Again, having an AEP program is one, but promoting it right is a major task. Since I have been a member of this association, I haven’t seen any campaign that told me the existence of AEPs and their offerings. I think if we can better promote our AEP offerings, courses, calendars of the events, etc, members will benefit from such training programs offered by our AEPs. There are many members out there who want to expand their knowledge through training and get re-certification credits. I think a strong marketing campaign to inform members about AEP offerings will be a huge value addition.
10. What are your thoughts relative to the association expanding internationally, including into China?
My opinion is, if we are not growing internationally, we are not growing, period. Internet changed the entire global landscape. The world is a very small place now and to be a truly international association we need to grow out of North America into various parts of the world. But, we need to do this with caution. We cannot grow everywhere at once. We should grow to the levels that our infrastructure would permit us, but keep growing internationally. Growing international has its own challenges including geographic divide, cultural divide, linguistic divide, technical standards divide amongst many others. We should develop a strategic plan to grow globally but very organically such that we do not overwhelm ourselves without building the needed infrastructure to support such a global growth.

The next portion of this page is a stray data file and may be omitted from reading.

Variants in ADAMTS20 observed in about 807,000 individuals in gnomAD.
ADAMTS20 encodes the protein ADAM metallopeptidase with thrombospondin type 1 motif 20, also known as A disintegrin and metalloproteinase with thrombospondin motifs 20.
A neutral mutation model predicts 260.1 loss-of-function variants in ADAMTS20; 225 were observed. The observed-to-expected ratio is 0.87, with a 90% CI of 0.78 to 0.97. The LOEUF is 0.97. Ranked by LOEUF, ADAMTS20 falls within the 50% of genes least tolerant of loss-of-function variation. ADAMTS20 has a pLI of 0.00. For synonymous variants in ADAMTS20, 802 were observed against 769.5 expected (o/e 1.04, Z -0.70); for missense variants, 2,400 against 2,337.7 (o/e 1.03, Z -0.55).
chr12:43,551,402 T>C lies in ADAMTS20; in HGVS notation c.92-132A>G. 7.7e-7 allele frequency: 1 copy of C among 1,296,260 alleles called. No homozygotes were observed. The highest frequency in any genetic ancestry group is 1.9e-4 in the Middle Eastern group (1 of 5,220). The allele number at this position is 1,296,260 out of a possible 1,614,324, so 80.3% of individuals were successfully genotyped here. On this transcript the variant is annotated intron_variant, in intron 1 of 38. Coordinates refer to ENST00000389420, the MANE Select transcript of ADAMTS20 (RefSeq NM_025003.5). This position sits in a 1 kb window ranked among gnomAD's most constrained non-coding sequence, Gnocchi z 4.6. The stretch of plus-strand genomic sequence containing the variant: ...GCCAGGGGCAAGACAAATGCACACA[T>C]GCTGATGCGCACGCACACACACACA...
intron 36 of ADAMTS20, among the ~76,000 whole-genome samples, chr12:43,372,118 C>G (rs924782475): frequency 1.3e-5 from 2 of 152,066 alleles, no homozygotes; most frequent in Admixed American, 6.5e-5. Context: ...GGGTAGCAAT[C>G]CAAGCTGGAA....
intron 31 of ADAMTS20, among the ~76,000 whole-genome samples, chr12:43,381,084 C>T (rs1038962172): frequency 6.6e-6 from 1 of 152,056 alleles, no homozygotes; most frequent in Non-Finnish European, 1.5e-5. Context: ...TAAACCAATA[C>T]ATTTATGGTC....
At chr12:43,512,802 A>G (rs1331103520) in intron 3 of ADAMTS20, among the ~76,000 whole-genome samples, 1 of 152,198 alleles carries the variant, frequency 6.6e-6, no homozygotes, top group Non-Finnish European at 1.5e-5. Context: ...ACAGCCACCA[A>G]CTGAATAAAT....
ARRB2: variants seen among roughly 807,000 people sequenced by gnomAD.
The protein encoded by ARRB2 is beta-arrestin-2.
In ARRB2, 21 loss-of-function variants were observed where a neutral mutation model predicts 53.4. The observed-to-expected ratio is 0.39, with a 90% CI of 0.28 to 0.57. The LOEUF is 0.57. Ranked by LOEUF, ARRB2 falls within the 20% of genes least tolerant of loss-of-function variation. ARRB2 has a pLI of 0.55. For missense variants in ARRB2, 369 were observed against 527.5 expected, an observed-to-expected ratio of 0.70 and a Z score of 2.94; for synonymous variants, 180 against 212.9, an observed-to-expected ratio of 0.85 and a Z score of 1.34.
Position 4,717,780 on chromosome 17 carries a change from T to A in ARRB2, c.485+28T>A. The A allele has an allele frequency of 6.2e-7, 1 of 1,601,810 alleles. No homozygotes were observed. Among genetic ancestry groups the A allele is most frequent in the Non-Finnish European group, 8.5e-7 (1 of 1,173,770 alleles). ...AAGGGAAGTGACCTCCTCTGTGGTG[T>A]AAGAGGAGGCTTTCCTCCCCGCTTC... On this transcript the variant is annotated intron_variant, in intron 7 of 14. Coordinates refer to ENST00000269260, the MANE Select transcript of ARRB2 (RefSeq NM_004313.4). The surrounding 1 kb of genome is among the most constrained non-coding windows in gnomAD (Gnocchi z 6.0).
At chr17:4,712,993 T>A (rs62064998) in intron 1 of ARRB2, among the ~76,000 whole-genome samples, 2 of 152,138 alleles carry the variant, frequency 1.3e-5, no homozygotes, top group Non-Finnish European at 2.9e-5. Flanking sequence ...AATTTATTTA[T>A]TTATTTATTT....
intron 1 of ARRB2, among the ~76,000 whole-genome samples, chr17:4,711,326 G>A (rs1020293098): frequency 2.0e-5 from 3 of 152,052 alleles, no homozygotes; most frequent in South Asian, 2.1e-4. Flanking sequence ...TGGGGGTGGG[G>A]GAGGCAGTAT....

Our association that is predominantly a major North American association, headquartered in United States, with majority of leadership from North America, should devise a strong strategic international growth plan before embarking on a rapid international growth strategy. One step-at-a-time is a good strategy. I strongly believe that our association and our leadership are already marching on these lines. If we continue to do so slowly and steadily, a sustained successful international growth is inevitable. Our upcoming 2012 International Total Cost Management Conference in Dubai is classical example for such a strategic international growth vision. I think we should pursue this path and achieve a sustained global international growth of our membership base and make our association truly an “international association”.